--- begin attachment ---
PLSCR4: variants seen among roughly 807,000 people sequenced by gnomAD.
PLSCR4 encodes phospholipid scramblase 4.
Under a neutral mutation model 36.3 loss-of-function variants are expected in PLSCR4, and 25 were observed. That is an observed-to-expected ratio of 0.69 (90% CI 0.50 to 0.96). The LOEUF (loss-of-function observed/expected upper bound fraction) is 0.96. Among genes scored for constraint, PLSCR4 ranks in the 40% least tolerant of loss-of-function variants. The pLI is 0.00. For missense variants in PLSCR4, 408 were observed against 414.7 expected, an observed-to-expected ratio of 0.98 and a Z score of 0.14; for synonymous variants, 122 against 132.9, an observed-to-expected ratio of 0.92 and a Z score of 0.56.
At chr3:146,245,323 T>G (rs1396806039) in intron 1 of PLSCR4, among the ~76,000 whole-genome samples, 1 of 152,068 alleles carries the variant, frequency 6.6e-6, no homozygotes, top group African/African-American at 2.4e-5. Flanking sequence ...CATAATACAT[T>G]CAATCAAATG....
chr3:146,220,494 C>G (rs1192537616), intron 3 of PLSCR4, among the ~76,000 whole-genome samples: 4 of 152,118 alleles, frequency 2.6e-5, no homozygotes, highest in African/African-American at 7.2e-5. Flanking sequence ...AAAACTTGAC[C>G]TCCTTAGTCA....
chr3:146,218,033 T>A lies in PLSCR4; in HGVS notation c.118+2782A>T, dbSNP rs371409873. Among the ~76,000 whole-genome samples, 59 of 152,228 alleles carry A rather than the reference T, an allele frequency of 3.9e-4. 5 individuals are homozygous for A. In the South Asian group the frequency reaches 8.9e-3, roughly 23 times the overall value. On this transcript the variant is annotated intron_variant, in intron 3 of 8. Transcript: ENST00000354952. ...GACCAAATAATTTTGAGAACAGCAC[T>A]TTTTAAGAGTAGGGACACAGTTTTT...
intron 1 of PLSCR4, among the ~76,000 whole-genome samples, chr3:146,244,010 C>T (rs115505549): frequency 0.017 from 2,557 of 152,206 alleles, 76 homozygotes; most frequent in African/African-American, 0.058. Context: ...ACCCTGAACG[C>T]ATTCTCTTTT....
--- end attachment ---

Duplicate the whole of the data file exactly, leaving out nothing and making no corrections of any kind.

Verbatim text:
PLSCR4: variants seen among roughly 807,000 people sequenced by gnomAD.
PLSCR4 encodes phospholipid scramblase 4.
Under a neutral mutation model 36.3 loss-of-function variants are expected in PLSCR4, and 25 were observed. That is an observed-to-expected ratio of 0.69 (90% CI 0.50 to 0.96). The LOEUF (loss-of-function observed/expected upper bound fraction) is 0.96. Among genes scored for constraint, PLSCR4 ranks in the 40% least tolerant of loss-of-function variants. The pLI is 0.00. For missense variants in PLSCR4, 408 were observed against 414.7 expected, an observed-to-expected ratio of 0.98 and a Z score of 0.14; for synonymous variants, 122 against 132.9, an observed-to-expected ratio of 0.92 and a Z score of 0.56.
At chr3:146,245,323 T>G (rs1396806039) in intron 1 of PLSCR4, among the ~76,000 whole-genome samples, 1 of 152,068 alleles carries the variant, frequency 6.6e-6, no homozygotes, top group African/African-American at 2.4e-5. Flanking sequence ...CATAATACAT[T>G]CAATCAAATG....
chr3:146,220,494 C>G (rs1192537616), intron 3 of PLSCR4, among the ~76,000 whole-genome samples: 4 of 152,118 alleles, frequency 2.6e-5, no homozygotes, highest in African/African-American at 7.2e-5. Flanking sequence ...AAAACTTGAC[C>G]TCCTTAGTCA....
chr3:146,218,033 T>A lies in PLSCR4; in HGVS notation c.118+2782A>T, dbSNP rs371409873. Among the ~76,000 whole-genome samples, 59 of 152,228 alleles carry A rather than the reference T, an allele frequency of 3.9e-4. 5 individuals are homozygous for A. In the South Asian group the frequency reaches 8.9e-3, roughly 23 times the overall value. On this transcript the variant is annotated intron_variant, in intron 3 of 8. Transcript: ENST00000354952. ...GACCAAATAATTTTGAGAACAGCAC[T>A]TTTTAAGAGTAGGGACACAGTTTTT...
intron 1 of PLSCR4, among the ~76,000 whole-genome samples, chr3:146,244,010 C>T (rs115505549): frequency 0.017 from 2,557 of 152,206 alleles, 76 homozygotes; most frequent in African/African-American, 0.058. Context: ...ACCCTGAACG[C>T]ATTCTCTTTT....